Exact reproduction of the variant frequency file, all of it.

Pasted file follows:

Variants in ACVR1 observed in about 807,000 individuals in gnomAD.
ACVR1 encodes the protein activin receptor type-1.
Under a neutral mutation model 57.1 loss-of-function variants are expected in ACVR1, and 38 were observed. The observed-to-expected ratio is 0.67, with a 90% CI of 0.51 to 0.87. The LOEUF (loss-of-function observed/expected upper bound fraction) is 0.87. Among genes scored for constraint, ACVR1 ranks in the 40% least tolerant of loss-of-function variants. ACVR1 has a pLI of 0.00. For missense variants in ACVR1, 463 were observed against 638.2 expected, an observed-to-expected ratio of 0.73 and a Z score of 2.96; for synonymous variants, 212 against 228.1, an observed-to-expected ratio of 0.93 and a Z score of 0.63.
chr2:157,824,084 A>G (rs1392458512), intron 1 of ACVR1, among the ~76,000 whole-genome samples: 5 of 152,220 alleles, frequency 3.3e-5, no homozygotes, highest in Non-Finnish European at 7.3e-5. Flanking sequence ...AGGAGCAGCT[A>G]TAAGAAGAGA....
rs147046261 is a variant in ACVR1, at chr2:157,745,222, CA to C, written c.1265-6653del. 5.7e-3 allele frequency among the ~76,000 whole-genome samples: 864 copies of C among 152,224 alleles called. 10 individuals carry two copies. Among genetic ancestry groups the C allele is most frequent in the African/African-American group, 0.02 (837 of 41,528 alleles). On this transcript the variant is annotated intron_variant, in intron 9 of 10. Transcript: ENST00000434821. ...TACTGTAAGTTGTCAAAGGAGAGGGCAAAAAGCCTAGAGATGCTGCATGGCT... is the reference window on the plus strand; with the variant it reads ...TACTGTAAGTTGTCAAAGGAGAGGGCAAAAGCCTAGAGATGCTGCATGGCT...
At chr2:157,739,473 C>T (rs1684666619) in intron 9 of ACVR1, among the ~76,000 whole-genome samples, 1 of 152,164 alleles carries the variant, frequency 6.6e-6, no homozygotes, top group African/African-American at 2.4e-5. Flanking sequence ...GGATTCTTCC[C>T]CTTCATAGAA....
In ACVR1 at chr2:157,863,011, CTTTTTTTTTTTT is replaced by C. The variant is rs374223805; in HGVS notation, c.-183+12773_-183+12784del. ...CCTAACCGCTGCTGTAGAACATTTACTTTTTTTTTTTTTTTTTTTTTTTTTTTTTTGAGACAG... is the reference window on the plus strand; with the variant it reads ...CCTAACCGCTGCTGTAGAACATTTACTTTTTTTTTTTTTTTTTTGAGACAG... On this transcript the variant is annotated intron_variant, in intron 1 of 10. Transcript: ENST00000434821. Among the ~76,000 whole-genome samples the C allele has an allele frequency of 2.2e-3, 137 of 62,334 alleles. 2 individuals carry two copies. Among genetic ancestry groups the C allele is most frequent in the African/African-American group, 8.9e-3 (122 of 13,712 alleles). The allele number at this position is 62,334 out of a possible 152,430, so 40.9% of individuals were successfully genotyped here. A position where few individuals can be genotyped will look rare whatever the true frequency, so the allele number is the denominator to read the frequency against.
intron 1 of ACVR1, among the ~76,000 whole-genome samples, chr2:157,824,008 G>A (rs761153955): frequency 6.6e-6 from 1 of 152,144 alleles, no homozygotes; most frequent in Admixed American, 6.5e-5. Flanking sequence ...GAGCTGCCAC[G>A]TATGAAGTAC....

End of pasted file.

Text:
Variants in ACVR1 observed in about 807,000 individuals in gnomAD.
ACVR1 encodes the protein activin receptor type-1.
Under a neutral mutation model 57.1 loss-of-function variants are expected in ACVR1, and 38 were observed. The observed-to-expected ratio is 0.67, with a 90% CI of 0.51 to 0.87. The LOEUF (loss-of-function observed/expected upper bound fraction) is 0.87. Among genes scored for constraint, ACVR1 ranks in the 40% least tolerant of loss-of-function variants. ACVR1 has a pLI of 0.00. For missense variants in ACVR1, 463 were observed against 638.2 expected, an observed-to-expected ratio of 0.73 and a Z score of 2.96; for synonymous variants, 212 against 228.1, an observed-to-expected ratio of 0.93 and a Z score of 0.63.
chr2:157,824,084 A>G (rs1392458512), intron 1 of ACVR1, among the ~76,000 whole-genome samples: 5 of 152,220 alleles, frequency 3.3e-5, no homozygotes, highest in Non-Finnish European at 7.3e-5. Flanking sequence ...AGGAGCAGCT[A>G]TAAGAAGAGA....
rs147046261 is a variant in ACVR1, at chr2:157,745,222, CA to C, written c.1265-6653del. 5.7e-3 allele frequency among the ~76,000 whole-genome samples: 864 copies of C among 152,224 alleles called. 10 individuals carry two copies. Among genetic ancestry groups the C allele is most frequent in the African/African-American group, 0.02 (837 of 41,528 alleles). On this transcript the variant is annotated intron_variant, in intron 9 of 10. Transcript: ENST00000434821. ...TACTGTAAGTTGTCAAAGGAGAGGGCAAAAAGCCTAGAGATGCTGCATGGCT... is the reference window on the plus strand; with the variant it reads ...TACTGTAAGTTGTCAAAGGAGAGGGCAAAAGCCTAGAGATGCTGCATGGCT...
At chr2:157,739,473 C>T (rs1684666619) in intron 9 of ACVR1, among the ~76,000 whole-genome samples, 1 of 152,164 alleles carries the variant, frequency 6.6e-6, no homozygotes, top group African/African-American at 2.4e-5. Flanking sequence ...GGATTCTTCC[C>T]CTTCATAGAA....
In ACVR1 at chr2:157,863,011, CTTTTTTTTTTTT is replaced by C. The variant is rs374223805; in HGVS notation, c.-183+12773_-183+12784del. ...CCTAACCGCTGCTGTAGAACATTTACTTTTTTTTTTTTTTTTTTTTTTTTTTTTTTGAGACAG... is the reference window on the plus strand; with the variant it reads ...CCTAACCGCTGCTGTAGAACATTTACTTTTTTTTTTTTTTTTTTGAGACAG... On this transcript the variant is annotated intron_variant, in intron 1 of 10. Transcript: ENST00000434821. Among the ~76,000 whole-genome samples the C allele has an allele frequency of 2.2e-3, 137 of 62,334 alleles. 2 individuals carry two copies. Among genetic ancestry groups the C allele is most frequent in the African/African-American group, 8.9e-3 (122 of 13,712 alleles). The allele number at this position is 62,334 out of a possible 152,430, so 40.9% of individuals were successfully genotyped here. A position where few individuals can be genotyped will look rare whatever the true frequency, so the allele number is the denominator to read the frequency against.
intron 1 of ACVR1, among the ~76,000 whole-genome samples, chr2:157,824,008 G>A (rs761153955): frequency 6.6e-6 from 1 of 152,144 alleles, no homozygotes; most frequent in Admixed American, 6.5e-5. Flanking sequence ...GAGCTGCCAC[G>A]TATGAAGTAC....